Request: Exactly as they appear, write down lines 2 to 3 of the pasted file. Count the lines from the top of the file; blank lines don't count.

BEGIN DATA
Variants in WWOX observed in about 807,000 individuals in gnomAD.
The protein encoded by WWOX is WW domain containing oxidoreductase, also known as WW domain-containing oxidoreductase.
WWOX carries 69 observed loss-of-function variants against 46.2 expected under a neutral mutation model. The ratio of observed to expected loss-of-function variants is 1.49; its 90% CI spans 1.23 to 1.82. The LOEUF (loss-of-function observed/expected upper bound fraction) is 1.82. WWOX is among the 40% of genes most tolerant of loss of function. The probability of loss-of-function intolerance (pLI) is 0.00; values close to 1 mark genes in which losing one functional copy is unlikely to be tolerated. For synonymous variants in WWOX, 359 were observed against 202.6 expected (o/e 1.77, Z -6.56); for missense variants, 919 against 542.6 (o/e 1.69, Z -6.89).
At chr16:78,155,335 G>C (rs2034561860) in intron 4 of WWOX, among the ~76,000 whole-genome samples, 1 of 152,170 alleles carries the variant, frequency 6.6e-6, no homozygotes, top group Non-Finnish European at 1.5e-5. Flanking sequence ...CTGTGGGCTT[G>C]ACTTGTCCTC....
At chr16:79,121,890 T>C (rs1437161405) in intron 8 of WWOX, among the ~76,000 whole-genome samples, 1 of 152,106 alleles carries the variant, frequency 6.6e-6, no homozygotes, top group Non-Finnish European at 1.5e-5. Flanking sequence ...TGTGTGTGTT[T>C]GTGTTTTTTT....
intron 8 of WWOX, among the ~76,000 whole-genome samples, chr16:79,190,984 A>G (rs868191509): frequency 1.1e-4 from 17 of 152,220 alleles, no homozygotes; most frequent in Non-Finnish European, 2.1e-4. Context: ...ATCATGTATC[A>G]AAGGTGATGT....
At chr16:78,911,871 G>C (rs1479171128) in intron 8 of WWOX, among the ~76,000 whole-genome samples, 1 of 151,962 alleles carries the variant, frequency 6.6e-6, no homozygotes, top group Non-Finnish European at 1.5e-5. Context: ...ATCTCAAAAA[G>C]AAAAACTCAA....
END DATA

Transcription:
The protein encoded by WWOX is WW domain containing oxidoreductase, also known as WW domain-containing oxidoreductase.
WWOX carries 69 observed loss-of-function variants against 46.2 expected under a neutral mutation model. The ratio of observed to expected loss-of-function variants is 1.49; its 90% CI spans 1.23 to 1.82. The LOEUF (loss-of-function observed/expected upper bound fraction) is 1.82. WWOX is among the 40% of genes most tolerant of loss of function. The probability of loss-of-function intolerance (pLI) is 0.00; values close to 1 mark genes in which losing one functional copy is unlikely to be tolerated. For synonymous variants in WWOX, 359 were observed against 202.6 expected (o/e 1.77, Z -6.56); for missense variants, 919 against 542.6 (o/e 1.69, Z -6.89).